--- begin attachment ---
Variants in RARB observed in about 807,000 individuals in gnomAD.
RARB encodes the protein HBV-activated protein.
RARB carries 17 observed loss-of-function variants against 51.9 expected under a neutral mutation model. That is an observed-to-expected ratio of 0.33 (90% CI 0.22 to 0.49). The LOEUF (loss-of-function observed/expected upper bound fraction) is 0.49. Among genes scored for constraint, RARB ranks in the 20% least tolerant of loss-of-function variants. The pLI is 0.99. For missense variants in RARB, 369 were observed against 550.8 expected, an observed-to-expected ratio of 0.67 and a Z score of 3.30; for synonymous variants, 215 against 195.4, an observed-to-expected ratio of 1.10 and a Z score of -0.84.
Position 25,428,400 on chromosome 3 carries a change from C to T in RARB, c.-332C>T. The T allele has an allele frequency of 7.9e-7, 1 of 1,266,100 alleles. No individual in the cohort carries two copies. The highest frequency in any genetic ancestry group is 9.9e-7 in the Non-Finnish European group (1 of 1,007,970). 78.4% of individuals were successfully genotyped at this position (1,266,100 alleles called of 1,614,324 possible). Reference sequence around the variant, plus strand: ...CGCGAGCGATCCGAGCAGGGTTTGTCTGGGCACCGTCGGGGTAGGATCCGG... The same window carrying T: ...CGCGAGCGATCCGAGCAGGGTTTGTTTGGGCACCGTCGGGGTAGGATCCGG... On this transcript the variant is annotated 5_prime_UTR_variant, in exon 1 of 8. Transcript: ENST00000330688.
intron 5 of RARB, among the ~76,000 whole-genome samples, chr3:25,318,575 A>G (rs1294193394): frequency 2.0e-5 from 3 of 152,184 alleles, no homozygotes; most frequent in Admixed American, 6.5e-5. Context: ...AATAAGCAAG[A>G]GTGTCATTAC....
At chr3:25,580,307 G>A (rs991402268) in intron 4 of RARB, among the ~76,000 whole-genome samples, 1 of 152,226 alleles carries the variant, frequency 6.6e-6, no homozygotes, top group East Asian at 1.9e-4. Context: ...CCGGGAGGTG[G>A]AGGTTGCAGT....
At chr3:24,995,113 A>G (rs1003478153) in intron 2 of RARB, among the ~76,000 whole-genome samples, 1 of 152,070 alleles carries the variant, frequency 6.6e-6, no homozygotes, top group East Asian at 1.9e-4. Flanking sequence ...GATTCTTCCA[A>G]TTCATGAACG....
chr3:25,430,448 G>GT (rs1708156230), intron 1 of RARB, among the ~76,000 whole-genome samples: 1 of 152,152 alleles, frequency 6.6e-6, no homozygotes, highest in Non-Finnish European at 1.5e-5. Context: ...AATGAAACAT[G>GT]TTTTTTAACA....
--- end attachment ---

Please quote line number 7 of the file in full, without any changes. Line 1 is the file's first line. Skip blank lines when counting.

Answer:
At chr3:24,995,113 A>G (rs1003478153) in intron 2 of RARB, among the ~76,000 whole-genome samples, 1 of 152,070 alleles carries the variant, frequency 6.6e-6, no homozygotes, top group East Asian at 1.9e-4. Flanking sequence ...GATTCTTCCA[A>G]TTCATGAACG....